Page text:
April 27, 2008 // 2:04 am
- During a nearly one-year period, Frank Buchanan
allegedly made about 192 purchases on two credit cards at various stores.
What was out of the ordinary, however, was that the 30-year-old Buchanan also allegedly had about 183 refunds on those cards.
The rural Albert Lea man's transaction history, authorities say, demonstrated an obvious purchase-return pattern mainly involving video games at multiple stores in numerous southeastern Minnesota and northern Iowa cities, including Austin and Rochester, according to a criminal complaint filed this week in Mower District Court.
Overall $23,178 in refunds was credited to Buchanan's accounts during that period, the complaint says.
Buchanan's alleged scam consisted of buying video games from stores, repackaging the containers with blank replica game discs, returning the fraudulent games for a refund and selling the original games on eBay, an online-auction site. From October 2006 to January 2008, Buchanan auctioned off about 447 video games on eBay for roughly $19,562, the complaint says.
Buchanan is charged in Mower District Court with three felony counts of theft by swindle alleging he obtained credit for fraudulent merchandise at area Target, Wal-Mart, ShopKo and Kmart stores.
One count alleges Buchanan got about $12,373 worth of credit through his scheme from Dec. 1, 2006, to May 31, 2007; another is for about $6,836 in credit from June 1, 2006, to Nov. 30, 2007; and the last is for about $3,969 in credit from Dec. 1, 2007, to Feb. 28, 2008.
Buchanan, who is summoned to appear June 9 in court, allegedly did his video-game scam at retail box stores throughout the region, including Mankato, Winona, Albert Lea, Fairmont and Mason City, Iowa.
On Feb. 27 law-enforcement officers from Austin, Albert Lea, Freeborn County, Mower County and the U.S. Postal Service used a search warrant at Buchanan's home along U.S. Highway 65.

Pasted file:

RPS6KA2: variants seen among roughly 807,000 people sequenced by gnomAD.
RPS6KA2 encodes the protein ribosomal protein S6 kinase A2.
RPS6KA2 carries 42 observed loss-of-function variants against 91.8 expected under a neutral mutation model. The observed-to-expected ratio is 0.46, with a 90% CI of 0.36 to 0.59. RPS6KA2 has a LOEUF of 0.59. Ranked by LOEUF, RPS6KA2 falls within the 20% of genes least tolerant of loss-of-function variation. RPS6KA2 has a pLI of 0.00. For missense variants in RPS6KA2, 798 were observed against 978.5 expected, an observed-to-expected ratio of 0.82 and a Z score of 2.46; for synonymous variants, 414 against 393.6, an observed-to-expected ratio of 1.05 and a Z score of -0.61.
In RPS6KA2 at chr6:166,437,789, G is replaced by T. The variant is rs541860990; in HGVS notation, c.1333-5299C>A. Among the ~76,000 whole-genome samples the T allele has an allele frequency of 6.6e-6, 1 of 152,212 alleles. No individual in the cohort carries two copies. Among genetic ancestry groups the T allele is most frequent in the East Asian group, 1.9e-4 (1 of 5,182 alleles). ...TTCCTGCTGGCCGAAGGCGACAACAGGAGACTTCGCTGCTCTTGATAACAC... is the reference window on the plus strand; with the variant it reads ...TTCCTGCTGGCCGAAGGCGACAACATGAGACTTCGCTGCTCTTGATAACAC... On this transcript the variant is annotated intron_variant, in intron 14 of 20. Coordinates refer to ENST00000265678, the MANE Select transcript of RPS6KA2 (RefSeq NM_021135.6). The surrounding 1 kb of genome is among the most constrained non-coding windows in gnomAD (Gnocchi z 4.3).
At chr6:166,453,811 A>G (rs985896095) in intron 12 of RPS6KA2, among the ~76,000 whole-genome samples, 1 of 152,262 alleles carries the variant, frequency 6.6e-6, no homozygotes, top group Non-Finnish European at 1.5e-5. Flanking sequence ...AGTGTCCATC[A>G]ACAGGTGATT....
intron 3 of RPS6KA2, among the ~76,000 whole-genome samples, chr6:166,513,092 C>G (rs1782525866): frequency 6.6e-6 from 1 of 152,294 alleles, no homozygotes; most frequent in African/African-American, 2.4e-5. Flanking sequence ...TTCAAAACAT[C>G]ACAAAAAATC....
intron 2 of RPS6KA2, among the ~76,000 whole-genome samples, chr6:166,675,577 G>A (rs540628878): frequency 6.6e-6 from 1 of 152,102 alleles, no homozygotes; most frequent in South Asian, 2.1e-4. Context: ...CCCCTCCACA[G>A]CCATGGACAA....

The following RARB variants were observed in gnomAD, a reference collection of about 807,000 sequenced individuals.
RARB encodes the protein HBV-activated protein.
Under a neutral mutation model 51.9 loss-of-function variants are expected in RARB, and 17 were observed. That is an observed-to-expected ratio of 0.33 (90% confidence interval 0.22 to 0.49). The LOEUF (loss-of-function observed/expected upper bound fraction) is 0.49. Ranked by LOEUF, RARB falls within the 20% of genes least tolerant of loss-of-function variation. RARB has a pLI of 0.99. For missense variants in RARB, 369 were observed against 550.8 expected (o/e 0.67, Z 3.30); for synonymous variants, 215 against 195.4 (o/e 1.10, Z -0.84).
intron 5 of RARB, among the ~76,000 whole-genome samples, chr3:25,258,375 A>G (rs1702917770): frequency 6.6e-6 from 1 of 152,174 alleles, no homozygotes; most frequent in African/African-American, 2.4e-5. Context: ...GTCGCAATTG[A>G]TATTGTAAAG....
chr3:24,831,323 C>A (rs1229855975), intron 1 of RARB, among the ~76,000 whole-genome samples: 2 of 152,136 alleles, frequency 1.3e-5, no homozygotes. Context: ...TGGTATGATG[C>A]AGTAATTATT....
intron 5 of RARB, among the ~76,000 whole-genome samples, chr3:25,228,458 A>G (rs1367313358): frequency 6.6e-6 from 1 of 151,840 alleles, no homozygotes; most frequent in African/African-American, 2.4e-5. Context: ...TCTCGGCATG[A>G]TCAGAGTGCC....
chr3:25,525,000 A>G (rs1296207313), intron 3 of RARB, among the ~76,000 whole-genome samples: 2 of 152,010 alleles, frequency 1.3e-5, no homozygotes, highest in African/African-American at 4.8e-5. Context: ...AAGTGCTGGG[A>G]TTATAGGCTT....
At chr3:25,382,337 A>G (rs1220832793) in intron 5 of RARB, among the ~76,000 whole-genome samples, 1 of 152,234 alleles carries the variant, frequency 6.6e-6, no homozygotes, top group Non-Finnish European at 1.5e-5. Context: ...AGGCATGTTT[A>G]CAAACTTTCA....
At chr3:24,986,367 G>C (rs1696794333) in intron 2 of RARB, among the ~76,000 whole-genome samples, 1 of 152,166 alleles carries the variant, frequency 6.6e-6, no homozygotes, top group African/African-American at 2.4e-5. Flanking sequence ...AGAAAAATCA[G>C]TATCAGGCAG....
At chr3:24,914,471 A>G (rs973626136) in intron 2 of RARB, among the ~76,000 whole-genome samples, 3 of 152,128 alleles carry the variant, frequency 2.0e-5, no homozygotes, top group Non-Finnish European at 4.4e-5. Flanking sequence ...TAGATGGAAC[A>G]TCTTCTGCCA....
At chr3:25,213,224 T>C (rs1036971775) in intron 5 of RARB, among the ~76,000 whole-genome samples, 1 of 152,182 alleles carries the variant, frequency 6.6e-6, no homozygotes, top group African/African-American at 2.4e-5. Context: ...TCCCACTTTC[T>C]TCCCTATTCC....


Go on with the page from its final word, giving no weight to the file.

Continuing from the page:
Authorities seized about 41 items related to Buchanan's fraud scam, including a heat-sealing packager, an array of computer equipment and a journal listing Buchanan's purchases and returns with dates and stores, the complaint says. They also found numerous sealed and unsealed video games with purchase receipts attached to each game.
Buchanan allegedly admitted to starting the scheme in late 2006.
In a police interview, Buchanan allegedly said he opened and removed the video games at his home. He would scan the game, print a label on a disc, place the fake game disc back in the box and repackage the game with a heat-sealing machine, the complaint says.
Austin police detective Mark Haider began investigating Buchanan's scam after getting a fraud report Oct. 8, 2007, from a Target loss-prevention agent who said the store was the victim of a video-game return scam done by Buchanan, with the help of his mother, for several thousand dollars.
Buchanan's mother Dorothy Mae Buchanan, 68, who lives with him, is charged with a single felony count of theft by swindle (more than $1,000) for allegedly helping her son with the illegal activity from October 2006 to January 2008 in Austin.
She also is summoned to appear in court June 9.